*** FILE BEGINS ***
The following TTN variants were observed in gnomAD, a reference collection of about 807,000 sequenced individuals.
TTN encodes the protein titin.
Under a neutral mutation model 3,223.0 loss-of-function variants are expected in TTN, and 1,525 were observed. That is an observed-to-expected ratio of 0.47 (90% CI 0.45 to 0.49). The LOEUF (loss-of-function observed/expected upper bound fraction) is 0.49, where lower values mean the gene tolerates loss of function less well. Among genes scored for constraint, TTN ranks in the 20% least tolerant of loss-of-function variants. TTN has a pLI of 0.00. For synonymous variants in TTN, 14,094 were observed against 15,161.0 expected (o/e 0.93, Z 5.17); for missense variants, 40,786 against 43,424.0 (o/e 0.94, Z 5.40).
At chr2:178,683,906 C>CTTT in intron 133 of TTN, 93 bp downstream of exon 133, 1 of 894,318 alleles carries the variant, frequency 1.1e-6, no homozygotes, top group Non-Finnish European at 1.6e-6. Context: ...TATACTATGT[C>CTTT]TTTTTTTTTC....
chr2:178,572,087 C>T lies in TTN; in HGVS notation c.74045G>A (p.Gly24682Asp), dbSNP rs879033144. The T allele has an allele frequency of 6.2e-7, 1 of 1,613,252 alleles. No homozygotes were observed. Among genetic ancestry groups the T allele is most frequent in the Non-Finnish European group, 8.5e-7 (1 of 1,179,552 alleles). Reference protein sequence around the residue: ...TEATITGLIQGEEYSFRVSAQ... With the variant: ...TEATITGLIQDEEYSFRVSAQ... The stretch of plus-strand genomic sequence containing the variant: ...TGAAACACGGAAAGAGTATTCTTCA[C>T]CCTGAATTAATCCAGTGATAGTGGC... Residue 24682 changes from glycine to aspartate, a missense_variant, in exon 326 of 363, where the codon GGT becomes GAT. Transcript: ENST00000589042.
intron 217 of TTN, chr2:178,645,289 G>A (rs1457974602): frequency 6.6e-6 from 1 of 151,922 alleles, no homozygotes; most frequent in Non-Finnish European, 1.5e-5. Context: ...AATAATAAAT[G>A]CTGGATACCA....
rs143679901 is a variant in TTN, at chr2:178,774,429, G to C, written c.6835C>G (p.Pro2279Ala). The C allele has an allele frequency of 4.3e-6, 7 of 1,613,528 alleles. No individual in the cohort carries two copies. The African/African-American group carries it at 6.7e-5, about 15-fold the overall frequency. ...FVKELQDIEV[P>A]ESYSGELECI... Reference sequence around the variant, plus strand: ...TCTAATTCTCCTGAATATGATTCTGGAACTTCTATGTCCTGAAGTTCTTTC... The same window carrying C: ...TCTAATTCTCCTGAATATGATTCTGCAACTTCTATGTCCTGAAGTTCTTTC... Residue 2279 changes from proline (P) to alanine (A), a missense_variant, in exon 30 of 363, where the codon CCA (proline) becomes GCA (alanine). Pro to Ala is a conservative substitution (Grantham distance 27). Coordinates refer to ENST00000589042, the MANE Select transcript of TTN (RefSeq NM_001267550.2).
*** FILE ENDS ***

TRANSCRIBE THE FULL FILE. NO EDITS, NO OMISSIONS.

The following TTN variants were observed in gnomAD, a reference collection of about 807,000 sequenced individuals.
TTN encodes the protein titin.
Under a neutral mutation model 3,223.0 loss-of-function variants are expected in TTN, and 1,525 were observed. That is an observed-to-expected ratio of 0.47 (90% CI 0.45 to 0.49). The LOEUF (loss-of-function observed/expected upper bound fraction) is 0.49, where lower values mean the gene tolerates loss of function less well. Among genes scored for constraint, TTN ranks in the 20% least tolerant of loss-of-function variants. TTN has a pLI of 0.00. For synonymous variants in TTN, 14,094 were observed against 15,161.0 expected (o/e 0.93, Z 5.17); for missense variants, 40,786 against 43,424.0 (o/e 0.94, Z 5.40).
At chr2:178,683,906 C>CTTT in intron 133 of TTN, 93 bp downstream of exon 133, 1 of 894,318 alleles carries the variant, frequency 1.1e-6, no homozygotes, top group Non-Finnish European at 1.6e-6. Context: ...TATACTATGT[C>CTTT]TTTTTTTTTC....
chr2:178,572,087 C>T lies in TTN; in HGVS notation c.74045G>A (p.Gly24682Asp), dbSNP rs879033144. The T allele has an allele frequency of 6.2e-7, 1 of 1,613,252 alleles. No homozygotes were observed. Among genetic ancestry groups the T allele is most frequent in the Non-Finnish European group, 8.5e-7 (1 of 1,179,552 alleles). Reference protein sequence around the residue: ...TEATITGLIQGEEYSFRVSAQ... With the variant: ...TEATITGLIQDEEYSFRVSAQ... The stretch of plus-strand genomic sequence containing the variant: ...TGAAACACGGAAAGAGTATTCTTCA[C>T]CCTGAATTAATCCAGTGATAGTGGC... Residue 24682 changes from glycine to aspartate, a missense_variant, in exon 326 of 363, where the codon GGT becomes GAT. Transcript: ENST00000589042.
intron 217 of TTN, chr2:178,645,289 G>A (rs1457974602): frequency 6.6e-6 from 1 of 151,922 alleles, no homozygotes; most frequent in Non-Finnish European, 1.5e-5. Context: ...AATAATAAAT[G>A]CTGGATACCA....
rs143679901 is a variant in TTN, at chr2:178,774,429, G to C, written c.6835C>G (p.Pro2279Ala). The C allele has an allele frequency of 4.3e-6, 7 of 1,613,528 alleles. No individual in the cohort carries two copies. The African/African-American group carries it at 6.7e-5, about 15-fold the overall frequency. ...FVKELQDIEV[P>A]ESYSGELECI... Reference sequence around the variant, plus strand: ...TCTAATTCTCCTGAATATGATTCTGGAACTTCTATGTCCTGAAGTTCTTTC... The same window carrying C: ...TCTAATTCTCCTGAATATGATTCTGCAACTTCTATGTCCTGAAGTTCTTTC... Residue 2279 changes from proline (P) to alanine (A), a missense_variant, in exon 30 of 363, where the codon CCA (proline) becomes GCA (alanine). Pro to Ala is a conservative substitution (Grantham distance 27). Coordinates refer to ENST00000589042, the MANE Select transcript of TTN (RefSeq NM_001267550.2).